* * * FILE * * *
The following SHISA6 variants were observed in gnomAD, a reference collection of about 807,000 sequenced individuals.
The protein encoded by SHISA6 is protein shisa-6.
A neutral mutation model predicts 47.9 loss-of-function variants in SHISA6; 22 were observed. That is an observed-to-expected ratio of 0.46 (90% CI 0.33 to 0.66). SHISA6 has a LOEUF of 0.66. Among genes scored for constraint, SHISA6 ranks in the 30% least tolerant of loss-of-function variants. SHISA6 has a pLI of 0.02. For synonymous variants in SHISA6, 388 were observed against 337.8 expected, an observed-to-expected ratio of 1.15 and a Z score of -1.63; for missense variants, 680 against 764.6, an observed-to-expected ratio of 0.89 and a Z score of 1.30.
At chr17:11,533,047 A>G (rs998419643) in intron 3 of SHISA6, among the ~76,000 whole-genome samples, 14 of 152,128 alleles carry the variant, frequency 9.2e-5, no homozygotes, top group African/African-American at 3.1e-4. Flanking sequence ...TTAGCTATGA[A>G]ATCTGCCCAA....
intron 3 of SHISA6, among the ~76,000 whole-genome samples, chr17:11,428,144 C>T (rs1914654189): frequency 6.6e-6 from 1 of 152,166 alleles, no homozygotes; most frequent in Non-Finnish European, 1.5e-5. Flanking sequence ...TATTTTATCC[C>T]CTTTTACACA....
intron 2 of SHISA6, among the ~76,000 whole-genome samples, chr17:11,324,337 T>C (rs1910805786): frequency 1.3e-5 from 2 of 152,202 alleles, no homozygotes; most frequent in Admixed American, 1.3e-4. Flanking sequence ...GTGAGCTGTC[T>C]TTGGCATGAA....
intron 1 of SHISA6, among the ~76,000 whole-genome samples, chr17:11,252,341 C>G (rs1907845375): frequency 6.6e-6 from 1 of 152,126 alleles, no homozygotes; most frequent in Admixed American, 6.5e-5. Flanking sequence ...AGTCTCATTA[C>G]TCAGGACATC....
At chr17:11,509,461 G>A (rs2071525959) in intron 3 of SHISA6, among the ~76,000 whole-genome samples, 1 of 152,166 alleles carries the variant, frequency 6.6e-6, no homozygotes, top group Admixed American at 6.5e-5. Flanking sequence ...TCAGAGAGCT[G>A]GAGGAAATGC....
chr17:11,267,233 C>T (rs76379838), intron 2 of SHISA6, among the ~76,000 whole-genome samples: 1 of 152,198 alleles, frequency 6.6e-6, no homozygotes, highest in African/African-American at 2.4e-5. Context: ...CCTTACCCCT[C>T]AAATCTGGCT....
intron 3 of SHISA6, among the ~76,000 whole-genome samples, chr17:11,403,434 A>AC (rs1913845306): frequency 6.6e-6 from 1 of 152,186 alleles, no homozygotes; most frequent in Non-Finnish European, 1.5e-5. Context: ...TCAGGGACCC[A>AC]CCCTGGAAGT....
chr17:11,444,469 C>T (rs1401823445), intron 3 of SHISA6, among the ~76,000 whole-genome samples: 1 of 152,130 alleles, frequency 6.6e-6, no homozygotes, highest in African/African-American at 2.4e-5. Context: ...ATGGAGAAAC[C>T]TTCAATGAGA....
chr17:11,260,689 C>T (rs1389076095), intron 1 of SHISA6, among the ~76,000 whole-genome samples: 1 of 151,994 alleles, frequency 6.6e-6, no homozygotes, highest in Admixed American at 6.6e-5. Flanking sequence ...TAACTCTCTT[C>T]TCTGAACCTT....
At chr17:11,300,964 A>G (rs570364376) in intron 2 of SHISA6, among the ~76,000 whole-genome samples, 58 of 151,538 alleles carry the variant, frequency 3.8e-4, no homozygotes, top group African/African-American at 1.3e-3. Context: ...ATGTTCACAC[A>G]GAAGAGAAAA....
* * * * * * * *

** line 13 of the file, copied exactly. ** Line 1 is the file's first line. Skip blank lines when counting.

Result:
At chr17:11,300,964 A>G (rs570364376) in intron 2 of SHISA6, among the ~76,000 whole-genome samples, 58 of 151,538 alleles carry the variant, frequency 3.8e-4, no homozygotes, top group African/African-American at 1.3e-3. Context: ...ATGTTCACAC[A>G]GAAGAGAAAA....